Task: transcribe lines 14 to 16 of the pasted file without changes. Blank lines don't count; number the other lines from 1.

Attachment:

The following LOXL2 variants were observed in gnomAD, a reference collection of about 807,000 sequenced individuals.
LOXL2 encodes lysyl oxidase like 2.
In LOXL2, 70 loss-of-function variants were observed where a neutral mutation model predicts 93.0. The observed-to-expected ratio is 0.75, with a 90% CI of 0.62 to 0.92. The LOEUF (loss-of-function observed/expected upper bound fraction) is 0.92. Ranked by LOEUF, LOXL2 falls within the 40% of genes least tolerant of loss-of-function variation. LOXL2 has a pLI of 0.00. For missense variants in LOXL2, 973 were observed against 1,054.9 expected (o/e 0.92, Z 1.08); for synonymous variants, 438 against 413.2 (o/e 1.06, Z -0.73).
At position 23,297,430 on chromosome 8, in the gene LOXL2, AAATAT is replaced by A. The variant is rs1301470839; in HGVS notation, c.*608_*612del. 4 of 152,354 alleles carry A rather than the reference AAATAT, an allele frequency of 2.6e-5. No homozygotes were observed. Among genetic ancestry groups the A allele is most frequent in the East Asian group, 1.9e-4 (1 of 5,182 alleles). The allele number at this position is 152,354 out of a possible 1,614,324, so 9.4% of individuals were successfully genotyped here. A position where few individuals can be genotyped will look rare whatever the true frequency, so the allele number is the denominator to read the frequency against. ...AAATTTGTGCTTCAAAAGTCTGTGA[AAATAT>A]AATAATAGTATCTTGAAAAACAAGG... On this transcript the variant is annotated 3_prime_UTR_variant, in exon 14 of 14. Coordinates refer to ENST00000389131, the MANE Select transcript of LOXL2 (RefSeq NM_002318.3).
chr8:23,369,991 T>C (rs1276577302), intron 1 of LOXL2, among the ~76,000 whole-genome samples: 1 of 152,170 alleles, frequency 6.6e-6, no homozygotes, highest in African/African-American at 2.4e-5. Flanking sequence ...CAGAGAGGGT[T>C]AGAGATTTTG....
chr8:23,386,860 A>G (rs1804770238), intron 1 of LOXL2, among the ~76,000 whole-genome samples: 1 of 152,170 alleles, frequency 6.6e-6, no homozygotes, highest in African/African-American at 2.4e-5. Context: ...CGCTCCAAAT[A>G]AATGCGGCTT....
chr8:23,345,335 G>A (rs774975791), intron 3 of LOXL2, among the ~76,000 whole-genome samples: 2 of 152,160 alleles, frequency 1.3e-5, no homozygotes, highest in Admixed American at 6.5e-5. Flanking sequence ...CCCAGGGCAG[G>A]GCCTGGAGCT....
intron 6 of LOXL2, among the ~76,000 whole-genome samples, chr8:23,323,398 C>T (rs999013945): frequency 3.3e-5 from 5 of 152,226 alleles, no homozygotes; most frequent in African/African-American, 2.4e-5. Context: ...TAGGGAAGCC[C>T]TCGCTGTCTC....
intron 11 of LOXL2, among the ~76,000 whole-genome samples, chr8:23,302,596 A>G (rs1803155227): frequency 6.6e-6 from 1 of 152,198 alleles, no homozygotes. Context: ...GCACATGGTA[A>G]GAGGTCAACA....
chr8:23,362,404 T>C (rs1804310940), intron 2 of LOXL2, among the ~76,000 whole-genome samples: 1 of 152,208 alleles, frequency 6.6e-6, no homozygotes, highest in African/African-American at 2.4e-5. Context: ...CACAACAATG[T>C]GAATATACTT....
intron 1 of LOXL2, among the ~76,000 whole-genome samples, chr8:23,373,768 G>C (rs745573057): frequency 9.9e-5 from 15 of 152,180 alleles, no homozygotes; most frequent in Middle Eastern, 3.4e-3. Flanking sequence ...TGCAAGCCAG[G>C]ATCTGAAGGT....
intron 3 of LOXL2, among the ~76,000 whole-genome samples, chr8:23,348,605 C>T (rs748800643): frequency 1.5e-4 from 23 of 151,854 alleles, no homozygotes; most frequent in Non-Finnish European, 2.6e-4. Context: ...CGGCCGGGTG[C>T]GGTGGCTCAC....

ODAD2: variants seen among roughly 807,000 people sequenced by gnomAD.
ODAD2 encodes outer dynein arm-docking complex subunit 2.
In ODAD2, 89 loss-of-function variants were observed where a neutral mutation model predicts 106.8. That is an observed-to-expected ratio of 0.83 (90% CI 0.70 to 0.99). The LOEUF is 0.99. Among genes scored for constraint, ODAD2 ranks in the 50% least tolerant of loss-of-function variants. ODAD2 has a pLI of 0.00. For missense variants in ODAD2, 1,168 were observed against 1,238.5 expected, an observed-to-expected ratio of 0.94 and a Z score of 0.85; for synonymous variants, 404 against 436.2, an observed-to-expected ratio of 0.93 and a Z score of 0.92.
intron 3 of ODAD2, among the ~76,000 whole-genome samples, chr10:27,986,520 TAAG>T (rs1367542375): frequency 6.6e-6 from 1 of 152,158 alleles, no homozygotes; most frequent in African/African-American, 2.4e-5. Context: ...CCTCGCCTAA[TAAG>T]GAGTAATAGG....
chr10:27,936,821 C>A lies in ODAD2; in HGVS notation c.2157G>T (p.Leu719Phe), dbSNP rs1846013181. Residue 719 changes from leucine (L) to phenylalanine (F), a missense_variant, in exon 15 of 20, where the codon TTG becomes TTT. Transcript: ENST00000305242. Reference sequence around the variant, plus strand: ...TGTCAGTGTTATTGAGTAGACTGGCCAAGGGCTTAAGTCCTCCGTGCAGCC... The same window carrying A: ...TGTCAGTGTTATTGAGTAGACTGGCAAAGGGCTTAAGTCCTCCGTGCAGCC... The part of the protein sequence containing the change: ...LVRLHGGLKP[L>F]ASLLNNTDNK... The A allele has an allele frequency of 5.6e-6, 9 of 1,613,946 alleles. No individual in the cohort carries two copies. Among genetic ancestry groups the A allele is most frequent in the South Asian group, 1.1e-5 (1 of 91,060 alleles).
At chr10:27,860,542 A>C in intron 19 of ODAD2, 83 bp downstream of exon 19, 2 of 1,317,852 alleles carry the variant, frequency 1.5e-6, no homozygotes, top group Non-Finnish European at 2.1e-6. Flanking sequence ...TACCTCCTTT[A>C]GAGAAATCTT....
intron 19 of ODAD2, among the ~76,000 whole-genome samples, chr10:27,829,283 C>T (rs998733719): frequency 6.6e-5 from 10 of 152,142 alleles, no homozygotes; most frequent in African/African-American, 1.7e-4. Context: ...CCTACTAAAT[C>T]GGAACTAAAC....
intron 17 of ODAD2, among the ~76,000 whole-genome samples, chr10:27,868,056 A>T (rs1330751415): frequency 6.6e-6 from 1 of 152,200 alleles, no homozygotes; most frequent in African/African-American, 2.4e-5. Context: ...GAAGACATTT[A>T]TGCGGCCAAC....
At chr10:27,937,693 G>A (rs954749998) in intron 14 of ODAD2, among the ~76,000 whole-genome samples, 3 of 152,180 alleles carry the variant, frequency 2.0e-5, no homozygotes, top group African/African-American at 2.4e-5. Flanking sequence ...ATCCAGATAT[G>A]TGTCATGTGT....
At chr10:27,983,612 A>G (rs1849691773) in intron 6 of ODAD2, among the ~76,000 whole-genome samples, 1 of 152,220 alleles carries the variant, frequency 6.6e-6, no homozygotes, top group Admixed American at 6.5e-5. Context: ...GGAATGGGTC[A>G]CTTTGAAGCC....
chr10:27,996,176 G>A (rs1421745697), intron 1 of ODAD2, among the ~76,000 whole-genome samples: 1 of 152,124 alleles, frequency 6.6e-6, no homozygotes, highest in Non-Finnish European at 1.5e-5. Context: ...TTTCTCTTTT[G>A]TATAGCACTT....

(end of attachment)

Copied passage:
ODAD2 encodes outer dynein arm-docking complex subunit 2.
In ODAD2, 89 loss-of-function variants were observed where a neutral mutation model predicts 106.8. That is an observed-to-expected ratio of 0.83 (90% CI 0.70 to 0.99). The LOEUF is 0.99. Among genes scored for constraint, ODAD2 ranks in the 50% least tolerant of loss-of-function variants. ODAD2 has a pLI of 0.00. For missense variants in ODAD2, 1,168 were observed against 1,238.5 expected, an observed-to-expected ratio of 0.94 and a Z score of 0.85; for synonymous variants, 404 against 436.2, an observed-to-expected ratio of 0.93 and a Z score of 0.92.
intron 3 of ODAD2, among the ~76,000 whole-genome samples, chr10:27,986,520 TAAG>T (rs1367542375): frequency 6.6e-6 from 1 of 152,158 alleles, no homozygotes; most frequent in African/African-American, 2.4e-5. Context: ...CCTCGCCTAA[TAAG>T]GAGTAATAGG....